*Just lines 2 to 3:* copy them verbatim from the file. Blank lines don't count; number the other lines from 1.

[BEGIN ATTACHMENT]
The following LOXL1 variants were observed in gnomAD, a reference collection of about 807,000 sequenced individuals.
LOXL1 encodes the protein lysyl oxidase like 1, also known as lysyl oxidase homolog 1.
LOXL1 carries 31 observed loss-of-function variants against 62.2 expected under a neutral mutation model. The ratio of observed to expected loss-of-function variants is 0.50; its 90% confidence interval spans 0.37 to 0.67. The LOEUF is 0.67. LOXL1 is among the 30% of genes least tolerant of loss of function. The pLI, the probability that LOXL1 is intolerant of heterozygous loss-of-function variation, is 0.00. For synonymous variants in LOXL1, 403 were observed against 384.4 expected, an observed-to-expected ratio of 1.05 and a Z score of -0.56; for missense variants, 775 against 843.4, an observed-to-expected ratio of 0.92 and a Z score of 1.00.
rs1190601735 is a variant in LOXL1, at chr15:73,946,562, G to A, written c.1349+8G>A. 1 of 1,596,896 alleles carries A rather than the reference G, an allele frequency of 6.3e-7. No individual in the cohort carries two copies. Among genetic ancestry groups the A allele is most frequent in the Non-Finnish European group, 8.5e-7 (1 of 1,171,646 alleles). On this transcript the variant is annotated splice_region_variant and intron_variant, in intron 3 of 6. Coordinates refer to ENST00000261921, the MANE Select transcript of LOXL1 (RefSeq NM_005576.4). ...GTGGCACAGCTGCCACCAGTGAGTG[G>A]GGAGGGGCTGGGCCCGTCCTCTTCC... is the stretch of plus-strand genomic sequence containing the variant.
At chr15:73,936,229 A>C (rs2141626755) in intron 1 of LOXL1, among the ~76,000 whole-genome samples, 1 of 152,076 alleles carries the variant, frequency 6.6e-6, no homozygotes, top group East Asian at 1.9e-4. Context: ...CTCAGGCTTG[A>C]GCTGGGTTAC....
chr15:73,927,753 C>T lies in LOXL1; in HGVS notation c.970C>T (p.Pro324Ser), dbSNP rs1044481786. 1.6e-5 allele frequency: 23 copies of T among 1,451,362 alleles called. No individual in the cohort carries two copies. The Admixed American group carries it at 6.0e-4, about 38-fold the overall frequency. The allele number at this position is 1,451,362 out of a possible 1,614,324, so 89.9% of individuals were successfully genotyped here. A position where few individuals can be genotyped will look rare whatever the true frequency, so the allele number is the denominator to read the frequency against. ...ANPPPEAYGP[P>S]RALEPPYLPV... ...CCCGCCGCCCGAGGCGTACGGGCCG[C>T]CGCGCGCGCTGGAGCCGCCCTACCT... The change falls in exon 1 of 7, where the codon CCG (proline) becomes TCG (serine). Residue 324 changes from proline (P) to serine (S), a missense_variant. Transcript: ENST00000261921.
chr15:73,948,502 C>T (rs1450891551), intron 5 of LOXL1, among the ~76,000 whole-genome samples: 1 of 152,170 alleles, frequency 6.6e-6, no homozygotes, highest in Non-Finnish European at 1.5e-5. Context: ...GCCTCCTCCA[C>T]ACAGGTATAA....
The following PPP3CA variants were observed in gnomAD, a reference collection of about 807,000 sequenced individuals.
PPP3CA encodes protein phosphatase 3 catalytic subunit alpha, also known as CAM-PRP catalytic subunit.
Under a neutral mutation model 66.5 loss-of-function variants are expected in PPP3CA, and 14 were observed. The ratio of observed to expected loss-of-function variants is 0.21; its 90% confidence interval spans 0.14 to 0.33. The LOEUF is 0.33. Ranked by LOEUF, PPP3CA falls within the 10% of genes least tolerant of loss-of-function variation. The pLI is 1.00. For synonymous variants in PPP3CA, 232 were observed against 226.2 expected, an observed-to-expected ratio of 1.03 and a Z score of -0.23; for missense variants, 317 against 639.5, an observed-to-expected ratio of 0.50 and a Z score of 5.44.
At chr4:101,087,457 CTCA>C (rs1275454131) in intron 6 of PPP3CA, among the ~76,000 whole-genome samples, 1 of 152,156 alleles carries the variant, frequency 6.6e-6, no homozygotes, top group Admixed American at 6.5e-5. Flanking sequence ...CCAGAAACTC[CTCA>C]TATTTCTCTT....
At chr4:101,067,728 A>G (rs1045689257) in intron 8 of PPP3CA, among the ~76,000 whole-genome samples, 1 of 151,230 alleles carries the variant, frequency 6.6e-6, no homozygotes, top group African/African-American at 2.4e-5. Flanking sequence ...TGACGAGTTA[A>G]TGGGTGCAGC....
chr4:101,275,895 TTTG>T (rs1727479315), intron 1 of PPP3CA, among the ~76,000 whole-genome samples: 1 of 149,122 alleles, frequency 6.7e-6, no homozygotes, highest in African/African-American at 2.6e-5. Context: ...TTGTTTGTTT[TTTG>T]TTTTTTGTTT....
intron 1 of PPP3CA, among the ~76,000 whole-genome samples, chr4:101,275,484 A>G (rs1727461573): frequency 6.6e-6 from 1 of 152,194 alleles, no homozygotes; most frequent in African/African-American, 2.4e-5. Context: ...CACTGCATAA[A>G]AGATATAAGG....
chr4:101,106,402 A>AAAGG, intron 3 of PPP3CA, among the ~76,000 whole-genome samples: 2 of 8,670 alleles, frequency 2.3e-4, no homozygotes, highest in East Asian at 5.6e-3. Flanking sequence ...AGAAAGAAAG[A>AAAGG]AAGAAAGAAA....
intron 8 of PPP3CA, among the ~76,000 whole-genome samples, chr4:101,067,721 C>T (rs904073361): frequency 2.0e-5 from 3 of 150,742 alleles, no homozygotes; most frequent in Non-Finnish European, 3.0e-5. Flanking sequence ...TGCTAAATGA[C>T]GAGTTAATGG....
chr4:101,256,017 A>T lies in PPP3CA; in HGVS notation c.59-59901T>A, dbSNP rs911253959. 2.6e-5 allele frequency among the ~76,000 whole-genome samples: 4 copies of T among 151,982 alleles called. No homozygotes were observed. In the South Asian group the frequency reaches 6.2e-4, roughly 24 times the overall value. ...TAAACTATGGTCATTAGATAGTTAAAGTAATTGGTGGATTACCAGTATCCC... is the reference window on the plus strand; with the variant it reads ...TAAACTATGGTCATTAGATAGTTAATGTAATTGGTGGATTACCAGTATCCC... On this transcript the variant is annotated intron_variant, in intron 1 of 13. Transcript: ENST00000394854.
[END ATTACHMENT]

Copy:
LOXL1 encodes the protein lysyl oxidase like 1, also known as lysyl oxidase homolog 1.
LOXL1 carries 31 observed loss-of-function variants against 62.2 expected under a neutral mutation model. The ratio of observed to expected loss-of-function variants is 0.50; its 90% confidence interval spans 0.37 to 0.67. The LOEUF is 0.67. LOXL1 is among the 30% of genes least tolerant of loss of function. The pLI, the probability that LOXL1 is intolerant of heterozygous loss-of-function variation, is 0.00. For synonymous variants in LOXL1, 403 were observed against 384.4 expected, an observed-to-expected ratio of 1.05 and a Z score of -0.56; for missense variants, 775 against 843.4, an observed-to-expected ratio of 0.92 and a Z score of 1.00.